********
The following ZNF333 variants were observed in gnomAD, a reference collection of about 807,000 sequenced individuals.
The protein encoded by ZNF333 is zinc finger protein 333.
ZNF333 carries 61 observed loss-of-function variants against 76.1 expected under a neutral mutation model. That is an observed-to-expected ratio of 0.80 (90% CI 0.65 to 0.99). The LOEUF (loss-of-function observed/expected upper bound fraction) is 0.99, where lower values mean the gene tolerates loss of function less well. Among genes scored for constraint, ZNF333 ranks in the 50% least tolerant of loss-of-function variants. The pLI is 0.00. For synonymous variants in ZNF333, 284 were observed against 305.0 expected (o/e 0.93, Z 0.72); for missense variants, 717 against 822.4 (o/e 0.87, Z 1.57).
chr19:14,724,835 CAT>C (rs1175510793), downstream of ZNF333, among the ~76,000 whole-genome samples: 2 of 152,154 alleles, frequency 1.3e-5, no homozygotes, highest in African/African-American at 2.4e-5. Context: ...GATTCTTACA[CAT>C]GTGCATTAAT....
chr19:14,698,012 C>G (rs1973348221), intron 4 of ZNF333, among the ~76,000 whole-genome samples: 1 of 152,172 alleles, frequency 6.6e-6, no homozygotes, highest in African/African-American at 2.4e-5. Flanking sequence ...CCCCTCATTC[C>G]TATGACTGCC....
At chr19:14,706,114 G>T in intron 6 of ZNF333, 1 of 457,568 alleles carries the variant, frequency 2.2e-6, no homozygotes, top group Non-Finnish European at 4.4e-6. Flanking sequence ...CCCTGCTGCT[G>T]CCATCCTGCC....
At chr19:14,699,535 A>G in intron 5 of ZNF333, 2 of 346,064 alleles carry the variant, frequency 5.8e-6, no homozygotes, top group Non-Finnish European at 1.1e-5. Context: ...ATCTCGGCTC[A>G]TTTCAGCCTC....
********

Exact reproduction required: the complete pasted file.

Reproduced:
The following ZNF333 variants were observed in gnomAD, a reference collection of about 807,000 sequenced individuals.
The protein encoded by ZNF333 is zinc finger protein 333.
ZNF333 carries 61 observed loss-of-function variants against 76.1 expected under a neutral mutation model. That is an observed-to-expected ratio of 0.80 (90% CI 0.65 to 0.99). The LOEUF (loss-of-function observed/expected upper bound fraction) is 0.99, where lower values mean the gene tolerates loss of function less well. Among genes scored for constraint, ZNF333 ranks in the 50% least tolerant of loss-of-function variants. The pLI is 0.00. For synonymous variants in ZNF333, 284 were observed against 305.0 expected (o/e 0.93, Z 0.72); for missense variants, 717 against 822.4 (o/e 0.87, Z 1.57).
chr19:14,724,835 CAT>C (rs1175510793), downstream of ZNF333, among the ~76,000 whole-genome samples: 2 of 152,154 alleles, frequency 1.3e-5, no homozygotes, highest in African/African-American at 2.4e-5. Context: ...GATTCTTACA[CAT>C]GTGCATTAAT....
chr19:14,698,012 C>G (rs1973348221), intron 4 of ZNF333, among the ~76,000 whole-genome samples: 1 of 152,172 alleles, frequency 6.6e-6, no homozygotes, highest in African/African-American at 2.4e-5. Flanking sequence ...CCCCTCATTC[C>G]TATGACTGCC....
At chr19:14,706,114 G>T in intron 6 of ZNF333, 1 of 457,568 alleles carries the variant, frequency 2.2e-6, no homozygotes, top group Non-Finnish European at 4.4e-6. Flanking sequence ...CCCTGCTGCT[G>T]CCATCCTGCC....
At chr19:14,699,535 A>G in intron 5 of ZNF333, 2 of 346,064 alleles carry the variant, frequency 5.8e-6, no homozygotes, top group Non-Finnish European at 1.1e-5. Context: ...ATCTCGGCTC[A>G]TTTCAGCCTC....